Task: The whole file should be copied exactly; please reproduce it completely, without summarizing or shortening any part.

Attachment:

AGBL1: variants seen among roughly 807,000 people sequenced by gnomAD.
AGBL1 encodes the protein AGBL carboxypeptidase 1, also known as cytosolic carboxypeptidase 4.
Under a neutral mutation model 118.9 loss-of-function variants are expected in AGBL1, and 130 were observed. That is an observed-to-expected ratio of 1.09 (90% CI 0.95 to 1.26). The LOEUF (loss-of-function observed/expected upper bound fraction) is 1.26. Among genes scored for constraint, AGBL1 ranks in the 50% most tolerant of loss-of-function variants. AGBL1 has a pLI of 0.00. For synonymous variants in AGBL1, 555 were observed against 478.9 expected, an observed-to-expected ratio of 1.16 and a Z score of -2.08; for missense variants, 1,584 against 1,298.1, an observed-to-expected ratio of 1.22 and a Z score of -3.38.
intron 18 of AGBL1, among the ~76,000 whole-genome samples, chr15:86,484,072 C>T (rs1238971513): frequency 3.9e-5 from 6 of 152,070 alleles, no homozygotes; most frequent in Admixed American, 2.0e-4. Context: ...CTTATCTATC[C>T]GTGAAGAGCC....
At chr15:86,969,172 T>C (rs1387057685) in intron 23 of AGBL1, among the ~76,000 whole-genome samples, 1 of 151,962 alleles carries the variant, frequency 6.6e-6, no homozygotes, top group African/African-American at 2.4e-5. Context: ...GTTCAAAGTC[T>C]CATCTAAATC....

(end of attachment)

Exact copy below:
AGBL1: variants seen among roughly 807,000 people sequenced by gnomAD.
AGBL1 encodes the protein AGBL carboxypeptidase 1, also known as cytosolic carboxypeptidase 4.
Under a neutral mutation model 118.9 loss-of-function variants are expected in AGBL1, and 130 were observed. That is an observed-to-expected ratio of 1.09 (90% CI 0.95 to 1.26). The LOEUF (loss-of-function observed/expected upper bound fraction) is 1.26. Among genes scored for constraint, AGBL1 ranks in the 50% most tolerant of loss-of-function variants. AGBL1 has a pLI of 0.00. For synonymous variants in AGBL1, 555 were observed against 478.9 expected, an observed-to-expected ratio of 1.16 and a Z score of -2.08; for missense variants, 1,584 against 1,298.1, an observed-to-expected ratio of 1.22 and a Z score of -3.38.
intron 18 of AGBL1, among the ~76,000 whole-genome samples, chr15:86,484,072 C>T (rs1238971513): frequency 3.9e-5 from 6 of 152,070 alleles, no homozygotes; most frequent in Admixed American, 2.0e-4. Context: ...CTTATCTATC[C>T]GTGAAGAGCC....
At chr15:86,969,172 T>C (rs1387057685) in intron 23 of AGBL1, among the ~76,000 whole-genome samples, 1 of 151,962 alleles carries the variant, frequency 6.6e-6, no homozygotes, top group African/African-American at 2.4e-5. Context: ...GTTCAAAGTC[T>C]CATCTAAATC....